The artist who drew this bull at Lascaux got the motion of the legs right. Most artists from recent times get it wrong. In fact, the artists who worked in caves more than 10,000 years ago had a better understanding of how four-legged animals moved than their counterparts today. [readon]
Gabor Horvath, a biological physicist at Eotvos University in Hungary, compared 1,000 examples of art and concluded that the cave painters did a whole lot better at depicting animals in motion than did artists from the last few hundred years.
Horvath explains that when four-legged animals walk, they always move their legs in the same sequence. First, the left-hind foot hits the ground, then the left-front foot, followed by the right-hind foot and finally the right-front foot. Only the speed at which four-legged animals complete this sequence differs. But in a study he did three years ago, Horvath found that 63.6 percent of the animals depicted in anatomy textbooks were drawn in impossible gaits. (Even Leonardo da Vinci got it wrong.)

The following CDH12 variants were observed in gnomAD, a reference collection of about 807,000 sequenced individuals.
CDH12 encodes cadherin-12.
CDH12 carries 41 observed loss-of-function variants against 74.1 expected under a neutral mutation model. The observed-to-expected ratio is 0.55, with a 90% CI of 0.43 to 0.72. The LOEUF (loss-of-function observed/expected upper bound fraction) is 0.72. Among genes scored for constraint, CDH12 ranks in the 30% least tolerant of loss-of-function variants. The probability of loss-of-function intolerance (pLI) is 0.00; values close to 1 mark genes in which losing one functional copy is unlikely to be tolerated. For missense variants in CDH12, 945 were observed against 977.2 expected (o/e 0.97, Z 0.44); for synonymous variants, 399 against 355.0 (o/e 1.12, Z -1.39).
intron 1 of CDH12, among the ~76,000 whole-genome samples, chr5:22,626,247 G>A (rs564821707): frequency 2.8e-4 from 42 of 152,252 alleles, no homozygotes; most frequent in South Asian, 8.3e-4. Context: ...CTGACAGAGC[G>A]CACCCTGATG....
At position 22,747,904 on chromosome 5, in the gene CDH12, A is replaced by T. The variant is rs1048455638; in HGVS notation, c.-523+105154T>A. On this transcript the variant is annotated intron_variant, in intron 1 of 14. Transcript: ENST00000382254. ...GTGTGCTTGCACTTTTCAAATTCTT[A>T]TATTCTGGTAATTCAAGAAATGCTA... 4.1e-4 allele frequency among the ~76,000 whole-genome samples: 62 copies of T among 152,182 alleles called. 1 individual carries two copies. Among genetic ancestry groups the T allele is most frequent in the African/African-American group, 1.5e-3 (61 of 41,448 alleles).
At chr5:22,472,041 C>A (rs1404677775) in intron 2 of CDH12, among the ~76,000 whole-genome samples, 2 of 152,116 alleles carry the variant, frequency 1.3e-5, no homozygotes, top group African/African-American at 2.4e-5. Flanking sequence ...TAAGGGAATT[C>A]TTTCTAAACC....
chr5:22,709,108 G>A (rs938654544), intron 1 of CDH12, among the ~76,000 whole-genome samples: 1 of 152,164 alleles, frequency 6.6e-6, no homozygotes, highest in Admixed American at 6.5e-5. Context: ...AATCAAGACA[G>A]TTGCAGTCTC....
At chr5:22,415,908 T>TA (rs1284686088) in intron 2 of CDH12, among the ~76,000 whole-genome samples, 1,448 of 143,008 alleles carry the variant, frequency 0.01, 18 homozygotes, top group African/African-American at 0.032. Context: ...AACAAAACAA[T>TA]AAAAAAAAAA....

And the new study shows that even today, artists aren’t doing much better.
In the 1880s, photographer Eadweard Muybridge used motion pictures to show how horses and other quadrupeds really walked. And artists since then have been getting it better in their paintings. The new study concludes that before Muybridge, artists got it right only 16.5 percent of the time. In the 130 years since then, they’ve done better, getting it right 42 percent of the time.
But the prehistoric cave artists got it right about 57 percent of the time.
The full study is here.